Forty years have passed since January 1977. On the 17th of that month, a World Bank and IMF-mandated removal of subsidies on foodstuffs like bread, sugar and rice was abruptly announced. Millions took to the streets to protest. On the afternoon of January 19 the new policy was suspended, and on January 20 it was canceled, but by then 79 protesters were reported to have died, 556 were injured and around 1250 arrested.
Arguably the peak of class conflict in Egypt’s modern history, the protests, like many events in our history, have not been properly historicized or documented, leaving us lacking in knowledge of their political and social contexts. I found only seven Egyptian films that have touched on the riots, some only in passing, with the first made almost a decade later.
The awakening of the bourgeoisie
The film that most comprehensively reflects on the uprising is Mohamed al-Naggar’s Al-Hagama (The Burglar, 1992), written by Osama Anwar Okasha. A woman (Laila Elwy) takes advantage of Richard Nixon’s 1974 visit to Cairo to stage a robbery, gets caught and sentenced. But before the end of her jail term, police take her to a student protest on January 19, 1977, to bolster arguments that the uprising was staged by thieves and troublemakers.
With a soundtrack of songs by Shiekh Imam, The Burglar contains societal elements often depicted in Egyptian cinema of the 1970s, like luxurious consumption, the nouveau riche and real-estate tycoons, but it also points to prison conditions, increasing class awareness, intimate relations between the state and businessmen, the fat cats’ fear of the masses’ fury and the idea that the “big guy” might have to flee the country.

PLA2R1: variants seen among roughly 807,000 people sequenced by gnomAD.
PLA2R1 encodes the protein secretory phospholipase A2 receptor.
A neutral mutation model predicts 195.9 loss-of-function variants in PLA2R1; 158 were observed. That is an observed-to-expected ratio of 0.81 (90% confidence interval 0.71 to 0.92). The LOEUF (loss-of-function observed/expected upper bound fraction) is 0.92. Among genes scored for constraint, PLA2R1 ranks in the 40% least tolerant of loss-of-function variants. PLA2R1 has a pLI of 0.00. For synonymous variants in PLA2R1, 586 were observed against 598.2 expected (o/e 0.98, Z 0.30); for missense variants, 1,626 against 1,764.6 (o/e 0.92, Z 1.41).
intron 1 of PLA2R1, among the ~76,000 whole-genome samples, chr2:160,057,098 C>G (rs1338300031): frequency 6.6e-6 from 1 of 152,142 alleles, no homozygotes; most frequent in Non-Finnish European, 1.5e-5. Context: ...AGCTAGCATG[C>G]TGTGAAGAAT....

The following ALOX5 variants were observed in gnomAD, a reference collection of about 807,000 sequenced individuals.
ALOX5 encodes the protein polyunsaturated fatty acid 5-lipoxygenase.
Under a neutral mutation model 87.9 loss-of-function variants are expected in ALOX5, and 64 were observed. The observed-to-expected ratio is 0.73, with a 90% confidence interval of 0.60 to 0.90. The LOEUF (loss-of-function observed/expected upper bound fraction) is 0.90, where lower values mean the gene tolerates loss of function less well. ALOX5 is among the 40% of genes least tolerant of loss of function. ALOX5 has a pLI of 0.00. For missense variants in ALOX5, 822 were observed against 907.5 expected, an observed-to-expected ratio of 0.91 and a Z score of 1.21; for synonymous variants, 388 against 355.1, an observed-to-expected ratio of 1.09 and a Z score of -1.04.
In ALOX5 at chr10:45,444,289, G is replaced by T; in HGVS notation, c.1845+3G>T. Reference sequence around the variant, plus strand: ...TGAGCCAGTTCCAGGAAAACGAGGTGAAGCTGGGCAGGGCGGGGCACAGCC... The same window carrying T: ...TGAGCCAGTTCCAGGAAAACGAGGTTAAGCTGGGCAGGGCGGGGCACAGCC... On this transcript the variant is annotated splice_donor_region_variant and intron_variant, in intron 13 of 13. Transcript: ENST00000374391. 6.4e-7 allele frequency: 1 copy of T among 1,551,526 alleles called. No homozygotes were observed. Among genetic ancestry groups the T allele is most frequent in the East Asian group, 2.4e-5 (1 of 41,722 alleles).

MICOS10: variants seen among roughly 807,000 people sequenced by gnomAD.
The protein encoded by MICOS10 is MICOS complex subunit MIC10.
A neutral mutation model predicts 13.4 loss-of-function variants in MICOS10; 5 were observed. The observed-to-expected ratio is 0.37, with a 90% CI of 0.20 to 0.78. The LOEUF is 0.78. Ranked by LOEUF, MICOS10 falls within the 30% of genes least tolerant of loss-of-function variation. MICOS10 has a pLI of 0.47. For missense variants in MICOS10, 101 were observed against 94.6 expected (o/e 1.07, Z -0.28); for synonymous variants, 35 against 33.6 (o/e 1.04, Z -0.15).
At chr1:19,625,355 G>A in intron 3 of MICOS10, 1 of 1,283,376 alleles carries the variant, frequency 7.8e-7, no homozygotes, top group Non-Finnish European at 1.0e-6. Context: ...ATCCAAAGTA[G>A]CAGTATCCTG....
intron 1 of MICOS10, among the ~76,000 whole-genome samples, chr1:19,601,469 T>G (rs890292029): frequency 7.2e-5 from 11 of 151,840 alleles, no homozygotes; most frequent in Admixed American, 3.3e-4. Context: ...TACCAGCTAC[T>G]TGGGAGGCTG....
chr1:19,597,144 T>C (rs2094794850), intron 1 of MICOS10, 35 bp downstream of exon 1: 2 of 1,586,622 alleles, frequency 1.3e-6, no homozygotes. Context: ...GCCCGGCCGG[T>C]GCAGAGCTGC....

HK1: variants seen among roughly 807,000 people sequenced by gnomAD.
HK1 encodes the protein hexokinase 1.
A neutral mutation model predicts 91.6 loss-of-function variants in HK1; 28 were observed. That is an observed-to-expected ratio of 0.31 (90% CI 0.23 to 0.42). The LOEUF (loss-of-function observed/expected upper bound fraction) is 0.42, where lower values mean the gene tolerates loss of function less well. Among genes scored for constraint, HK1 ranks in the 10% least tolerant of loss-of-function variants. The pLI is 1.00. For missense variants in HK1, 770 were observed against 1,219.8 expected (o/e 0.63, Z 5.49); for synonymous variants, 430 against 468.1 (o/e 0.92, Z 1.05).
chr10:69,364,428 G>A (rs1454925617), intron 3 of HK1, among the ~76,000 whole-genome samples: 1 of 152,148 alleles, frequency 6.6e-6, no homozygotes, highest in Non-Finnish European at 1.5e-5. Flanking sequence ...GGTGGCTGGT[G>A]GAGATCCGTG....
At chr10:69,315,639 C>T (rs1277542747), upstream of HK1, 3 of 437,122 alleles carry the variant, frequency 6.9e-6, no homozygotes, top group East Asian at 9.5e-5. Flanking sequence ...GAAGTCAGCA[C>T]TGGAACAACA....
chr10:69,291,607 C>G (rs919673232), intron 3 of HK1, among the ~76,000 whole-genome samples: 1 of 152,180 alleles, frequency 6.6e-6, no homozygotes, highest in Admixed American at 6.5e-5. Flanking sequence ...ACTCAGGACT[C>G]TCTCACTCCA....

In reality, Anwar Sadat had to cut his winter vacation short in Aswan and return to Cairo to restore order. As The Burglar follows the rise of contractors and import-export businessmen, we see conversations expressing fear that the protests are damaging profits. A burglar turned businessman comments angrily, “Those who can’t eat a piece of the cake now may now never be able to.”
These men also discuss how their boutiques are being raided, and it’s true that any sign of being upper class in the streets during the riots was dangerous. Akher Sa’aa magazine mentions in its February 19, 1977 issue that Fouad al-Mohandes, a popular comedian, was attacked in his new expensive car. Mohandes was one of the people who called the protests a thieves’ uprising.
The Burglar openly suggests that the police pushed convicts into the protests and forged evidence to persuade the public that it was indeed a thieves’ uprising. This accusation was spread by state media and popular magazines.
The “thieves’ uprising” and Egypt’s Tony Montana
Just as during the January 25 revolution of 2011, the threat of looting was used to turn public opinion against protesters. State media pushed the narrative of the lumpenproletariat looting casinos and private property, in an attempt to undermine their political agency and suggest oversimplified class struggle. Yet administrative buildings, ministries, governors’ houses, police stations, headquarters of the ruling party, the Parliament and public transport were targeted by rioters as well as state-affiliated outlets selling subsidized products.